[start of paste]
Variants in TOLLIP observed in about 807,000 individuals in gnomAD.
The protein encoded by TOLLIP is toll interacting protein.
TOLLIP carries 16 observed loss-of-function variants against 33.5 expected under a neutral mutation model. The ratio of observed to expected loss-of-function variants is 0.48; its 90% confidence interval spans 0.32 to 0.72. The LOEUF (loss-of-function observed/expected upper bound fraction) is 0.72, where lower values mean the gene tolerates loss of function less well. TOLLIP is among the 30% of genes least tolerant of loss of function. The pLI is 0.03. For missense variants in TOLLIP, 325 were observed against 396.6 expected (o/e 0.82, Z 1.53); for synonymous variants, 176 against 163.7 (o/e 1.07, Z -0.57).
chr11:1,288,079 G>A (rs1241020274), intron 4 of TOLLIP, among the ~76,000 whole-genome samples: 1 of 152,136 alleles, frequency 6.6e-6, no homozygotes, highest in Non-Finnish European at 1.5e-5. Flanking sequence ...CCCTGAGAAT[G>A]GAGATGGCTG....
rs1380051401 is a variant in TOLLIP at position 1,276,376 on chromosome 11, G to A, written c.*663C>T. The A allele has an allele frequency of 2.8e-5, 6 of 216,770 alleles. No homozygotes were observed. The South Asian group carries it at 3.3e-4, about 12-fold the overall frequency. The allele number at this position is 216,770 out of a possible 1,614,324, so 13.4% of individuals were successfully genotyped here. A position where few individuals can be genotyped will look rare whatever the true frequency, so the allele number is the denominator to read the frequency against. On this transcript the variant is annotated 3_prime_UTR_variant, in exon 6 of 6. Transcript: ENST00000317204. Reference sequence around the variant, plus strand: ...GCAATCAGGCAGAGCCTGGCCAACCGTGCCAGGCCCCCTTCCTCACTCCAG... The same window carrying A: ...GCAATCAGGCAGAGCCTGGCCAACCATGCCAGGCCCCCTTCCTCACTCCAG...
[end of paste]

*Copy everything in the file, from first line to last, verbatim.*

Variants in TOLLIP observed in about 807,000 individuals in gnomAD.
The protein encoded by TOLLIP is toll interacting protein.
TOLLIP carries 16 observed loss-of-function variants against 33.5 expected under a neutral mutation model. The ratio of observed to expected loss-of-function variants is 0.48; its 90% confidence interval spans 0.32 to 0.72. The LOEUF (loss-of-function observed/expected upper bound fraction) is 0.72, where lower values mean the gene tolerates loss of function less well. TOLLIP is among the 30% of genes least tolerant of loss of function. The pLI is 0.03. For missense variants in TOLLIP, 325 were observed against 396.6 expected (o/e 0.82, Z 1.53); for synonymous variants, 176 against 163.7 (o/e 1.07, Z -0.57).
chr11:1,288,079 G>A (rs1241020274), intron 4 of TOLLIP, among the ~76,000 whole-genome samples: 1 of 152,136 alleles, frequency 6.6e-6, no homozygotes, highest in Non-Finnish European at 1.5e-5. Flanking sequence ...CCCTGAGAAT[G>A]GAGATGGCTG....
rs1380051401 is a variant in TOLLIP at position 1,276,376 on chromosome 11, G to A, written c.*663C>T. The A allele has an allele frequency of 2.8e-5, 6 of 216,770 alleles. No homozygotes were observed. The South Asian group carries it at 3.3e-4, about 12-fold the overall frequency. The allele number at this position is 216,770 out of a possible 1,614,324, so 13.4% of individuals were successfully genotyped here. A position where few individuals can be genotyped will look rare whatever the true frequency, so the allele number is the denominator to read the frequency against. On this transcript the variant is annotated 3_prime_UTR_variant, in exon 6 of 6. Transcript: ENST00000317204. Reference sequence around the variant, plus strand: ...GCAATCAGGCAGAGCCTGGCCAACCGTGCCAGGCCCCCTTCCTCACTCCAG... The same window carrying A: ...GCAATCAGGCAGAGCCTGGCCAACCATGCCAGGCCCCCTTCCTCACTCCAG...